Members of the United States Marine Corps must follow strict rules about when to wear their covers (hats). These include on-base and off-base regulations, as well as issues about saluting officers and the U.S. flag. Uniform regulations change periodically, but the tradition of not wearing covers indoors continues.
In 2005, over 10 changes were made to Marine uniform regulations in a Marine Administrative Message. One change mandated that on a military installation, Marines are to remove all hats (both military and civilian) while indoors. This was a traditional behavior by the Marines, but the Marine Corps Uniform Board had now finally added it to the official regulations.
The exceptions to this rule are that Marines must wear covers if they are under arms (on duty), or if a superior instructs them to do so. "Under arms" literally means carrying a weapon, although an on-duty Marine in an authority or ceremonial capacity may wear a duty belt instead, as a symbol of being on duty without carrying a gun.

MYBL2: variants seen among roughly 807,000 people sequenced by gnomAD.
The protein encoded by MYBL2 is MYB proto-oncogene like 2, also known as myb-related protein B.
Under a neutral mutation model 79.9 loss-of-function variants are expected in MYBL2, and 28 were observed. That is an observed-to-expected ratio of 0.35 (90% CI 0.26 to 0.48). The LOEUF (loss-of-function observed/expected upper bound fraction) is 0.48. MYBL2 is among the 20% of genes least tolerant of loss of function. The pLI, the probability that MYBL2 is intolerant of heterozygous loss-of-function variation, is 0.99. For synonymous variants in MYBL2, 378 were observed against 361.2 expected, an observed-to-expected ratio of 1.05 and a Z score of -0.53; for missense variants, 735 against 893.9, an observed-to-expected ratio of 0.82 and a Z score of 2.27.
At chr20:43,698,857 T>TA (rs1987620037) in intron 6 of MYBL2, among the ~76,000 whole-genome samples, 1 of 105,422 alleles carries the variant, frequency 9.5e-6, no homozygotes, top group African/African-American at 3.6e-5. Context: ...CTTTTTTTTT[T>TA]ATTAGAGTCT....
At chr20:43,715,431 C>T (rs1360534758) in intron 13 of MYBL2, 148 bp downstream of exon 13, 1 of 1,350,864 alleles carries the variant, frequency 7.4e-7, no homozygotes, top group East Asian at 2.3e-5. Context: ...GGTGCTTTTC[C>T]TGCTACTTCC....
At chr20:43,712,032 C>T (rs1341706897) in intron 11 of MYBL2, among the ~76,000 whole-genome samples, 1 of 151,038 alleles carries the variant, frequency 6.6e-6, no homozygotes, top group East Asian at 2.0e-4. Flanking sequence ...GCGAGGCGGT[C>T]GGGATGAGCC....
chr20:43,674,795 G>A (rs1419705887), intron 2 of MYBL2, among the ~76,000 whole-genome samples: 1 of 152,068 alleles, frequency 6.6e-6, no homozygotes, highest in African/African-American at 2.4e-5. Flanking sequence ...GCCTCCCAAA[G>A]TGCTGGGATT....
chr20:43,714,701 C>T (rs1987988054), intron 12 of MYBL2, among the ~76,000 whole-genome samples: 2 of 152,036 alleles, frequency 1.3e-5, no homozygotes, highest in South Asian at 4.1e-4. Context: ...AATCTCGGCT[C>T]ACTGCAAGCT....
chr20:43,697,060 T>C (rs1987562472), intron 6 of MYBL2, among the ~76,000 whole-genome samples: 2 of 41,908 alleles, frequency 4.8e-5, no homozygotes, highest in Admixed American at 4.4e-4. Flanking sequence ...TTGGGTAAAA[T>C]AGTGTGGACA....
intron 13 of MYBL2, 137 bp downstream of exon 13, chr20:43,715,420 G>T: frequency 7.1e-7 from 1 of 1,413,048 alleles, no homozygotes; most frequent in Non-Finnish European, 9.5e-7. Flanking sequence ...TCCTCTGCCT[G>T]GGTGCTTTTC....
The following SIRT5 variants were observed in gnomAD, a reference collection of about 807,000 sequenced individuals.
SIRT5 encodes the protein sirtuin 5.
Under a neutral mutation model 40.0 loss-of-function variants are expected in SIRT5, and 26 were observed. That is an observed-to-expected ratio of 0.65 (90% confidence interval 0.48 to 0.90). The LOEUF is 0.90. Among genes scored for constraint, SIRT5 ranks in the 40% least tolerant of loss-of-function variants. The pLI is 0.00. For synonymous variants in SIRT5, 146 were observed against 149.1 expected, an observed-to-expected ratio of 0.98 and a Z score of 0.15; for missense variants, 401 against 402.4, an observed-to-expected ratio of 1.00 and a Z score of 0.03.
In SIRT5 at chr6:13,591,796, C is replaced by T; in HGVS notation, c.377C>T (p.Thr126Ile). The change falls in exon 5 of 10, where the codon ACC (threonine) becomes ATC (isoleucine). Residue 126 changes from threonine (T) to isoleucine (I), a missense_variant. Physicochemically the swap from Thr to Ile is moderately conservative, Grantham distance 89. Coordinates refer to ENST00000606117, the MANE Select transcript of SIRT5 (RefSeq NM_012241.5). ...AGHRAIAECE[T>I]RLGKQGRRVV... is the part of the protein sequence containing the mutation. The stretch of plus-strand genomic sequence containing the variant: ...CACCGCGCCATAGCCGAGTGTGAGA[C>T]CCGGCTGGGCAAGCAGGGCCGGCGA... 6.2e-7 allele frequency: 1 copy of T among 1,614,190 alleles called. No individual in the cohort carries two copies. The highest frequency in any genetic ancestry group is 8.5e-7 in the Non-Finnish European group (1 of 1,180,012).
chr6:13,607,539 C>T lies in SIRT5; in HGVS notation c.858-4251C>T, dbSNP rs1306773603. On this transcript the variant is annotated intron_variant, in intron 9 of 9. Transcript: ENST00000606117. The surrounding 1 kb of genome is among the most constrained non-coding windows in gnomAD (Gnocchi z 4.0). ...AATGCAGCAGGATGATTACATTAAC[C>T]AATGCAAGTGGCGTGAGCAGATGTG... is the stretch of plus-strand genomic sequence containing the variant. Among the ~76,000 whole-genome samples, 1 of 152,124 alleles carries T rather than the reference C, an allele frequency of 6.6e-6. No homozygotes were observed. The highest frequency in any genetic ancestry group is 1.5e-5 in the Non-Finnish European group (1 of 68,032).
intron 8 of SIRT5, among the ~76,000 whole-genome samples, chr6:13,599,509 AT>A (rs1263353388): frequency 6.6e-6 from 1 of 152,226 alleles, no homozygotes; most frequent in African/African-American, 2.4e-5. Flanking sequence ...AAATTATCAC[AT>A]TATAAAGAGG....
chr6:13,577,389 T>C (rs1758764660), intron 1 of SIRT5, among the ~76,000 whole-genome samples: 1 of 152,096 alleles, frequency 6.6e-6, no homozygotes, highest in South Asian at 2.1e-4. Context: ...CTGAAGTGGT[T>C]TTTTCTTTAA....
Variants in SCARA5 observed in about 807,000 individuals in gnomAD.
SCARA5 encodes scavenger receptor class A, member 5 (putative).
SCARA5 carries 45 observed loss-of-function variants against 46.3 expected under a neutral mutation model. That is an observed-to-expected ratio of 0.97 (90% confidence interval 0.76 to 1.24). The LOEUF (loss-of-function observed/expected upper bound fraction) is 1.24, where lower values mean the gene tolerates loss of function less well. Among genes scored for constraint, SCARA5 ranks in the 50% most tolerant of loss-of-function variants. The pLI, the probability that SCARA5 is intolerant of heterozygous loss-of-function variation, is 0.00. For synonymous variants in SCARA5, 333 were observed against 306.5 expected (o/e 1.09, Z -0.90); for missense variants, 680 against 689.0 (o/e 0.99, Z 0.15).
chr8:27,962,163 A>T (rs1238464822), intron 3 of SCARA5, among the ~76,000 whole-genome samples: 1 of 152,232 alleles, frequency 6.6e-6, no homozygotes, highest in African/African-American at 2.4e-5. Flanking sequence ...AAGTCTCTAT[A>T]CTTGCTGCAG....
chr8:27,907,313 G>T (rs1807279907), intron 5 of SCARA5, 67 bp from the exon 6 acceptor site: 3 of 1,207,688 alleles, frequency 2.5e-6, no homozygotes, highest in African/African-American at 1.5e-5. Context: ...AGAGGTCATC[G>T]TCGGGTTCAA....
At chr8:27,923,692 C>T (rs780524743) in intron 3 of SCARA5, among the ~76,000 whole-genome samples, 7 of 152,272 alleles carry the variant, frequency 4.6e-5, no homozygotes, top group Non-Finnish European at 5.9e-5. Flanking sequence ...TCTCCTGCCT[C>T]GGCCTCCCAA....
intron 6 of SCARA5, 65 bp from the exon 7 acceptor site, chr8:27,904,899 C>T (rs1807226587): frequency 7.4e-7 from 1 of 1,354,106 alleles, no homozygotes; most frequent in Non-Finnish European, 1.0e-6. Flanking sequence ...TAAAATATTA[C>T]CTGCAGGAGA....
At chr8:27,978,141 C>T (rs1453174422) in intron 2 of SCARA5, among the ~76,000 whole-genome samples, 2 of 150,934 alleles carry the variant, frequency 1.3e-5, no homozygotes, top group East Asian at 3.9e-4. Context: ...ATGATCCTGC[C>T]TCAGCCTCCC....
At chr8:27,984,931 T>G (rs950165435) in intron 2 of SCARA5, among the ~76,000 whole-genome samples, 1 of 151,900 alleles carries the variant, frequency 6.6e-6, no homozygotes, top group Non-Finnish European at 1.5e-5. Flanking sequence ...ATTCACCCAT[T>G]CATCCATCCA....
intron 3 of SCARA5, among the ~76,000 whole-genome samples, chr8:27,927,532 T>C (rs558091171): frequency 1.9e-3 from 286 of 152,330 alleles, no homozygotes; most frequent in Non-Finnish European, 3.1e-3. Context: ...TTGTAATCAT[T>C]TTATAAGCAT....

Marines are officially part of the U.S. Navy, although they operate as a separate branch of the military. They do not wear covers indoors because they follow Naval traditions when it comes to covers and saluting, as does the U.S. Coast Guard. This means that, like Naval personnel, Marines never salute unless wearing a cover, and thus almost all Marines do not salute when they are indoors. They also are not supposed to salute the flag unless wearing a cover. In contrast, members of the U.S. Army and the U.S. Air Force give salutes even when not wearing covers, but saluting indoors is prohibited except in a formal report to a superior or during a ceremony.
Before the mid-1990s, Marines were not allowed to wear hats indoors anywhere, including off base. Then the rules were changed so Marines could wear hats inside, but not at at a military installation. Marines cannot wear bandannas or do-rags anywhere at any time.
Other changes and clarifications have been made since 2005. Marines no longer must wear their covers in privately owned vehicles. Additionally, they are now allowed to wear motorcycle safety jackets over the uniform while riding. Female Marines previously could only wear pearl earrings with their evening dress uniforms, but in 2007 the rule was changed to also allow diamond-studded earrings. Also in 2007, sleeve tattoos (tattoos that nearly cover a person's entire arm or leg) were prohibited except for Marines who already had them being grandfathered in. This prohibition includes half-sleeve and quarter-sleeve tattoos if they can be seen when the Marine wears standard physical-training gear.